The impact of caregiver’s role preference on decisional conflicts and psychiatric distresses in decision making to help caregiver’s disclosure of terminal disease status
The objective of this study was to investigate the impact of caregivers’ role preference in decision making on conflicts and psychiatric distresses.
The responses of 406 caregivers of terminal cancer patients enrolled in a trial determining the efficacy of a decision aid focused on the disclosure of terminal disease status were included in this secondary analysis. The outcomes include the change scores of the Decision Conflict Scale (DCS) and depression and anxiety subscales of the Hospital Anxiety and Depression Scale (HADS) at the 1 and 3 months from baseline. The linear mixed model was employed to discover the impact of caregivers’ decisional role preference on the outcomes.
Of the 406, 137 (33.7%) showed an active role preference and 269 (66.3%) showed a passive role preference. In the post hoc analysis of the adjusted differences of change scores between passive caregivers who received decision aid (passive-decision aid) and active caregivers with decision aid (active-decision aid), non-significant differences were observed in the DCS. However, at the 3-month, the change scores of the HADS depression subscale increased by 4.43 (effect size, 0.71) and those of the HADS anxiety subscale increased by 4.14 (effect size, 0.61) in the passive-decision aid group than in active-decision aid group, showing moderate to large difference.
These findings suggest that information might be ethically recommended in a format that is interactive and tailored to how much an individual wishes to be involved in the decision-making process.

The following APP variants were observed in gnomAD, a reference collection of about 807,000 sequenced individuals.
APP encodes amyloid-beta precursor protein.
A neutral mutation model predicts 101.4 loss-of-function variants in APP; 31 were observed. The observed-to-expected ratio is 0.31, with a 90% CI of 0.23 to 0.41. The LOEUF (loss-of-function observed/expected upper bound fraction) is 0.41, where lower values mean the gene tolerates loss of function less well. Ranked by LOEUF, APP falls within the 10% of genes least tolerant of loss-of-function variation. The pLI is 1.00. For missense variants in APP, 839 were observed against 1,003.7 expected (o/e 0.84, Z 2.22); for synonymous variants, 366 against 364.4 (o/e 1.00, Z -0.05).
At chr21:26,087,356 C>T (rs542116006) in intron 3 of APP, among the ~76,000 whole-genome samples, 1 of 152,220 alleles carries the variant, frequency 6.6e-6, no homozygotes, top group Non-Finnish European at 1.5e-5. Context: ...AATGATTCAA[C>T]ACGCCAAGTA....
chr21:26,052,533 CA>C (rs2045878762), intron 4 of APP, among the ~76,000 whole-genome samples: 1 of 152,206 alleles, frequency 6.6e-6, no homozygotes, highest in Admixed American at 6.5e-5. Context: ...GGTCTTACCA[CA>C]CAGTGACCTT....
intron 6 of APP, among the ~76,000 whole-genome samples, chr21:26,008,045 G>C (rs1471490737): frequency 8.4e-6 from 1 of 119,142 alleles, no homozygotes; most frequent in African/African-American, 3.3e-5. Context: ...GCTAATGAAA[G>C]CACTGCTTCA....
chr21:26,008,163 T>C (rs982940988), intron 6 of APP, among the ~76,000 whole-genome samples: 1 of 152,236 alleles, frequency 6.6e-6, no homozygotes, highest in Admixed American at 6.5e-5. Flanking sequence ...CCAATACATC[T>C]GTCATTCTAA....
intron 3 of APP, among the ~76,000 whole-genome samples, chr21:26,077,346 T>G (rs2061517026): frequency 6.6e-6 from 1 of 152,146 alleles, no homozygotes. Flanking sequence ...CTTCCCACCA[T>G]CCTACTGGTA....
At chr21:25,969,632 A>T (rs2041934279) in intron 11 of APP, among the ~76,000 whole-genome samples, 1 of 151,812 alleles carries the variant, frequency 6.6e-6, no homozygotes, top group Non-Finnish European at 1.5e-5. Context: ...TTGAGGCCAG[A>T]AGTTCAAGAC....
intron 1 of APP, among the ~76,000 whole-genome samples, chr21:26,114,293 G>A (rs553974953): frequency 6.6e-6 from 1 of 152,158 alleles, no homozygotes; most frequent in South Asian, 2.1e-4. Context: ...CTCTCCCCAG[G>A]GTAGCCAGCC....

KeywordsDecision making Decision aid Caregiver Decisional role preference Cancer End of life
Financial support for this study was provided in part by a grant from National Cancer Center (Grant Number: 0710420-1) and a grant of the Korea Health Technology R&D Project through the Korea Health Industry Development Institute (KHIDI), funded by the Ministry of Health & Welfare, Republic of Korea (Grant Number: HC13C1391). The funding agreement ensured the authors’ independence in designing the study, interpreting the data, writing, and publishing the report.
Compliance with Ethical Standards
All procedures performed in this study were in accordance with the ethical standards of the institutional and/or national research committee and with the 1964 Helsinki Declaration and its later amendments or comparable ethical standards. The institutional review boards of the 13 hospitals and the National Cancer Center approved the protocol (reference: nccncs-08-142). Informed consent was obtained from all individual participants included in the study. This article does not contain any studies with animals performed by any of the authors.
Conflict of interest
The author(s) indicated no potential conflicts of interest.
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